Practical Days

Normally held around April each year, these are informal meetings looking at various topics relevant to those active in industrial archaeology. In the past these events were known as ‘Affiliated Societies Weekends’ and ‘Ironbridge Weekends’.

The next AIA Practical Weekend is 7th – 8th April 2018

The AIA Council has decided to give Ironbridge a rest for the Practical Day in 2018 and instead to organise a whole weekend devoted to the study of mining landscapes based in Matlock Bath in Derbyshire, an aspect of industrial archaeology about which we have not done very much lately.

We are very fortunate to have secured the services of John Barnatt, just retired from his role as Senior Archaeologist with the Peak District National Park and former winner of Britain’s premier archaeology award, the Silver Trowel Award, for his work on the remains of the lead industry.

The weekend will include a visit to the splendid Peak District Mining Museum in Matlock Bath and its adjacent Temple Mine; the surface remains of Magpie Mine, run by the Peak District Mines Historical Society; and an exploration of other mining landscapes in the area, with an underground visit to one of the local caverns which were exploited for minerals including the famous Blue John.

Itinerary

Saturday 7th April:

10:00 Visit to Peak District Mining Museum, the Pavilion, Matlock Bath, introduced by Dr Lynn Willies, former Chairman of the Peak District Mines Historical Society. This will be followed by a short visit into Temple Mine opposite – no climbing involved.

Delegates find own lunch.

14:30 Share cars for visit to Magpie Mine (surface only), led by members of the Peak District Mines Historical Society, including their chairman Mike Luff, together with John Barnatt. This site has the best preserved surface remains of mining and lead dressing in the Peak District.

18:30 Group meal at The Fishpond, Matlock Bath, opposite the Pavilion.

20:00 Illustrated Lecture by John Barnatt on mining in the Peak District in the Pavilion, Matlock Bath.

Sunday 8th April:

10:00 Assemble at cable car station, Matlock Bath, for trip up to Masson Cavern, Heights of Abraham, and underground visit led by John Barnatt. Normal tourist route with additional information, no climbing involved.

Lunch available in the café on the Heights of Abraham.

Optional afternoon visit: Mandale Mine, Over Haddon. Half an hour’s journey north of Matlock Bath. John has recently surveyed this and it would make a good finale to the weekend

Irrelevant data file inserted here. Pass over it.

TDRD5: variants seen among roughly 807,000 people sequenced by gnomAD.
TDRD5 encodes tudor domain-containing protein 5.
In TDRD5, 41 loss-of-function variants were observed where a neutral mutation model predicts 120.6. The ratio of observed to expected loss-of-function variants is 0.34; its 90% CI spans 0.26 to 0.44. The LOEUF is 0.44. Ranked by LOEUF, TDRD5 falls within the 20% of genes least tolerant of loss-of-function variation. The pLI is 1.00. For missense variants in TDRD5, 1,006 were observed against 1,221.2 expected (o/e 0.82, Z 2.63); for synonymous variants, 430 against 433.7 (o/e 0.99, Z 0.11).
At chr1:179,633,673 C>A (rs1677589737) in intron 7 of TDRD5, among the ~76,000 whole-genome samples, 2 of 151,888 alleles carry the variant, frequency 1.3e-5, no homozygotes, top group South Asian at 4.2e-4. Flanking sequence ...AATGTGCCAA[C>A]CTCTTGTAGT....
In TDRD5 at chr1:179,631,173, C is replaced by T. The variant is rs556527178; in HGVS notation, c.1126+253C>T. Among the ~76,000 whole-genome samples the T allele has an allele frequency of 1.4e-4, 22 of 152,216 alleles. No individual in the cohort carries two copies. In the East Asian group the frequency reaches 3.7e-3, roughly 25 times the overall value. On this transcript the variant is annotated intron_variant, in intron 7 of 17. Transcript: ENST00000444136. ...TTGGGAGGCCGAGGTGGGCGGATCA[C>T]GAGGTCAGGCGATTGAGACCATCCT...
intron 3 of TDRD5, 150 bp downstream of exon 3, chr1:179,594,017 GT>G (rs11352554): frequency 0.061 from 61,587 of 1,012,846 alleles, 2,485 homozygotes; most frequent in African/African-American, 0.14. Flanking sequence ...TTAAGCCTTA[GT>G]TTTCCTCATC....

The visits will require quite a lot of walking, good footwear and outdoor clothing.

Cost

The total cost of the weekend, including a group evening meal on the Saturday, is £60 to include all entrance fees, guiding etc.

Transport / parking / accommodation

The meeting point on Saturday morning is the Grand Pavilion in Matlock Bath. This is accessible by public transport. There is also pay and display parking a short walk from the venue. Please note that the venue car park is short stay only (2 hours). For more information please visit the Grand Pavilion website. On Sunday the event will start at the Cable Car Station in Matlock Bath.

Accommodation

Delegates are asked to find their own accommodation, of which there is plenty in Matlock and Matlock Bath.

Download: Accommodation List Within 2 Miles Of Matlock Bath

Booking

Booking is via Eventbrite: https://aia-practical-weekend-2018.eventbrite.co.uk

Booking closes on 19th March 2018

Any queries should be addressed to Prof. Marilyn Palmer at mai@le.ac.uk


Some past meetings were:

2017 – The Iron industry

This one-day workshop provided introductory practical training and a broad understanding of the processes used and the buildings utilised in the historic iron industry around Ironbridge

2016 – Speaking up for Industrial Archaeology – the challenges and practicalities of speaking up for industrial archaeology at a local scale

The workshop explored why it is more important now than ever that local groups speak up for industrial archaeology, and what groups and societies can practically do to support and protect industrial archaeology in their local area.

There were practical sessions, and a feedback and discussion session which looked at issues such as the challenges of speaking up for industrial archaeology and what support currently exists for groups who want to help to protect and raise awareness of industrial archaeology in their local area.

Read how the day played out on Twitter

Following from the workshop, Rob Lennox from the Council for British Archaeology  (CBA) has produced a resources sheet of useful advocacy resources/web links for community groups who want to speak up for industrial heritage in their local areas.

Download the resource sheet ( pdf 366kb )

2014 – Lime in Historic Landscapes and Buildings

2007 – Characteristics and Forms of Road Transport

2006 – The Brewing Industry

2005 – Railway Structures

2000 – What should we do with our records?